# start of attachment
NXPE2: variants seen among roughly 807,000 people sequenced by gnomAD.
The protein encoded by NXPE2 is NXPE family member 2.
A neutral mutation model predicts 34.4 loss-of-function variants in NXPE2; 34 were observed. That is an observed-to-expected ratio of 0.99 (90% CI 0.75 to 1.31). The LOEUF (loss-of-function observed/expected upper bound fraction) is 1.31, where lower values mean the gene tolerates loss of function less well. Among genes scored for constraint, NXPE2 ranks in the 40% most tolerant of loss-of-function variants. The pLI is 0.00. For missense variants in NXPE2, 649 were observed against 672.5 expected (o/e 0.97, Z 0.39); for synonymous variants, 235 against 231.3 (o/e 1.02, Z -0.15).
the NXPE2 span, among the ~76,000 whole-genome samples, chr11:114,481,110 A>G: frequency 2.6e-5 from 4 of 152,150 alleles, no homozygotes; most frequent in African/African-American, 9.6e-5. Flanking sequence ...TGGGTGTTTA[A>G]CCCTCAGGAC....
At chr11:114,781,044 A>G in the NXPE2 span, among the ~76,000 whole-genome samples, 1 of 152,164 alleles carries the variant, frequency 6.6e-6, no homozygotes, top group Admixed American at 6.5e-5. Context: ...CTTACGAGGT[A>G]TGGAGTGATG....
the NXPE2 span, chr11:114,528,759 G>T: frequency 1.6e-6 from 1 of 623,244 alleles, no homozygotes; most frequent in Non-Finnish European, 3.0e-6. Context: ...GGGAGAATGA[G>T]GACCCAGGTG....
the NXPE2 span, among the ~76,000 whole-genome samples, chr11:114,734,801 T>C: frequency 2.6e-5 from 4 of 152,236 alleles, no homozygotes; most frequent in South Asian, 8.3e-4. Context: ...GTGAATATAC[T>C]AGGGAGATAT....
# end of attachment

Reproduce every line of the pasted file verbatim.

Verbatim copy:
NXPE2: variants seen among roughly 807,000 people sequenced by gnomAD.
The protein encoded by NXPE2 is NXPE family member 2.
A neutral mutation model predicts 34.4 loss-of-function variants in NXPE2; 34 were observed. That is an observed-to-expected ratio of 0.99 (90% CI 0.75 to 1.31). The LOEUF (loss-of-function observed/expected upper bound fraction) is 1.31, where lower values mean the gene tolerates loss of function less well. Among genes scored for constraint, NXPE2 ranks in the 40% most tolerant of loss-of-function variants. The pLI is 0.00. For missense variants in NXPE2, 649 were observed against 672.5 expected (o/e 0.97, Z 0.39); for synonymous variants, 235 against 231.3 (o/e 1.02, Z -0.15).
the NXPE2 span, among the ~76,000 whole-genome samples, chr11:114,481,110 A>G: frequency 2.6e-5 from 4 of 152,150 alleles, no homozygotes; most frequent in African/African-American, 9.6e-5. Flanking sequence ...TGGGTGTTTA[A>G]CCCTCAGGAC....
At chr11:114,781,044 A>G in the NXPE2 span, among the ~76,000 whole-genome samples, 1 of 152,164 alleles carries the variant, frequency 6.6e-6, no homozygotes, top group Admixed American at 6.5e-5. Context: ...CTTACGAGGT[A>G]TGGAGTGATG....
the NXPE2 span, chr11:114,528,759 G>T: frequency 1.6e-6 from 1 of 623,244 alleles, no homozygotes; most frequent in Non-Finnish European, 3.0e-6. Context: ...GGGAGAATGA[G>T]GACCCAGGTG....
the NXPE2 span, among the ~76,000 whole-genome samples, chr11:114,734,801 T>C: frequency 2.6e-5 from 4 of 152,236 alleles, no homozygotes; most frequent in South Asian, 8.3e-4. Context: ...GTGAATATAC[T>C]AGGGAGATAT....